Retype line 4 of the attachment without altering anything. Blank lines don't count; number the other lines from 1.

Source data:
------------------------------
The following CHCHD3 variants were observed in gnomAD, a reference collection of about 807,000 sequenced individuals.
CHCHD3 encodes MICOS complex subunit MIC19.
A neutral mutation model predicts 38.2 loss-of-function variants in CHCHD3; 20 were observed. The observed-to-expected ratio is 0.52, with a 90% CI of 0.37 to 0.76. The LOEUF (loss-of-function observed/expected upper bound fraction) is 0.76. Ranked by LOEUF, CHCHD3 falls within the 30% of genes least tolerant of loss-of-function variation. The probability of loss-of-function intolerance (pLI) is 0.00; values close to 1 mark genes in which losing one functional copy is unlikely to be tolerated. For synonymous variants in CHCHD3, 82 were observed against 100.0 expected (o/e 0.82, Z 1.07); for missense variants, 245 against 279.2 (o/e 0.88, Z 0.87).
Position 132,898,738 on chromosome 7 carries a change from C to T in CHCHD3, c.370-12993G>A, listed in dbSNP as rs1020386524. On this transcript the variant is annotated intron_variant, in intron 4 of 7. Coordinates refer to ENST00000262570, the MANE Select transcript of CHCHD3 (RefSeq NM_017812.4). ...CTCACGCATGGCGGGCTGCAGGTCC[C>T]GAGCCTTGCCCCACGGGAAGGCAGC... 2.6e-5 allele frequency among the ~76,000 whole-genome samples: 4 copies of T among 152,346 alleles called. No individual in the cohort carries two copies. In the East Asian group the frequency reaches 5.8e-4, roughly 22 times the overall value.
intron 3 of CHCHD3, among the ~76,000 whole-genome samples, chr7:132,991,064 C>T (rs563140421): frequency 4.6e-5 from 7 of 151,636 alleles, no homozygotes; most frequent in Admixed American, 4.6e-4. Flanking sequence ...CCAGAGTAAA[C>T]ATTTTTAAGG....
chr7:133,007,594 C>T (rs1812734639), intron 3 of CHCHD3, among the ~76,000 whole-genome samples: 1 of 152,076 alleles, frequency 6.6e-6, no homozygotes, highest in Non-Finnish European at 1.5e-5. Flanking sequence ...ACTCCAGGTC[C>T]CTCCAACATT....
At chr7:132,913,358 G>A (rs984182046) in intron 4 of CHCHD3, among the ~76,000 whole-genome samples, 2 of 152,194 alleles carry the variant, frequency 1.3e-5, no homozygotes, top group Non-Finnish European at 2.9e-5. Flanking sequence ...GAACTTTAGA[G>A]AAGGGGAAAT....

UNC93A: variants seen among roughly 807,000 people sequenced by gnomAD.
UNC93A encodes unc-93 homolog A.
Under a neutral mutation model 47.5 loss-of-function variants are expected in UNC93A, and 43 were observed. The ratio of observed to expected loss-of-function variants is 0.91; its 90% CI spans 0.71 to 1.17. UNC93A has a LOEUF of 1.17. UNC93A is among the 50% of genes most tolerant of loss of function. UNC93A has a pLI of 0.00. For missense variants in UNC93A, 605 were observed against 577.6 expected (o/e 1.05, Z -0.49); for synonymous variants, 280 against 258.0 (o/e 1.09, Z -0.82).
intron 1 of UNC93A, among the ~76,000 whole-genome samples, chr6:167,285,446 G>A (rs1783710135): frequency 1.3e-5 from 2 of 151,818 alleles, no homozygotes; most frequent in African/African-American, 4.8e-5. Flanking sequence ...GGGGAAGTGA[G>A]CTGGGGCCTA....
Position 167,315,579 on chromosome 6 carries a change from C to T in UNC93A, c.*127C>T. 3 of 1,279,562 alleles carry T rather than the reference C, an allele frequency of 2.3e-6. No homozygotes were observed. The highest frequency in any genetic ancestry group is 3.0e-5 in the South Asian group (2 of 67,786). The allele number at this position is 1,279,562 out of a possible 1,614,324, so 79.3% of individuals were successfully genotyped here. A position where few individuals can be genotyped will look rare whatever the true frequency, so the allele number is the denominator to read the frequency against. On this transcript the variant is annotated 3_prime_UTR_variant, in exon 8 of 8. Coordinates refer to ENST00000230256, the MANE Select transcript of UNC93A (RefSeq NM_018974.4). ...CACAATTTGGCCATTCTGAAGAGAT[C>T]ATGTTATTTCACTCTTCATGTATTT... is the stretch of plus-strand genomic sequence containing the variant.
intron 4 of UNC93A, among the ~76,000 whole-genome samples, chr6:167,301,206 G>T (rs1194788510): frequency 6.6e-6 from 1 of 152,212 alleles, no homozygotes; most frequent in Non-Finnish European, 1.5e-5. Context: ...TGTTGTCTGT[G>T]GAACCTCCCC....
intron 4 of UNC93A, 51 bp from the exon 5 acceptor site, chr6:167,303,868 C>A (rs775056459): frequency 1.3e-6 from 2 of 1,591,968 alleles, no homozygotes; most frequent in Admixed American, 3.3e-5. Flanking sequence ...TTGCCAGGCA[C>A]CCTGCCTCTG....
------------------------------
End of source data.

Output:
Position 132,898,738 on chromosome 7 carries a change from C to T in CHCHD3, c.370-12993G>A, listed in dbSNP as rs1020386524. On this transcript the variant is annotated intron_variant, in intron 4 of 7. Coordinates refer to ENST00000262570, the MANE Select transcript of CHCHD3 (RefSeq NM_017812.4). ...CTCACGCATGGCGGGCTGCAGGTCC[C>T]GAGCCTTGCCCCACGGGAAGGCAGC... 2.6e-5 allele frequency among the ~76,000 whole-genome samples: 4 copies of T among 152,346 alleles called. No individual in the cohort carries two copies. In the East Asian group the frequency reaches 5.8e-4, roughly 22 times the overall value.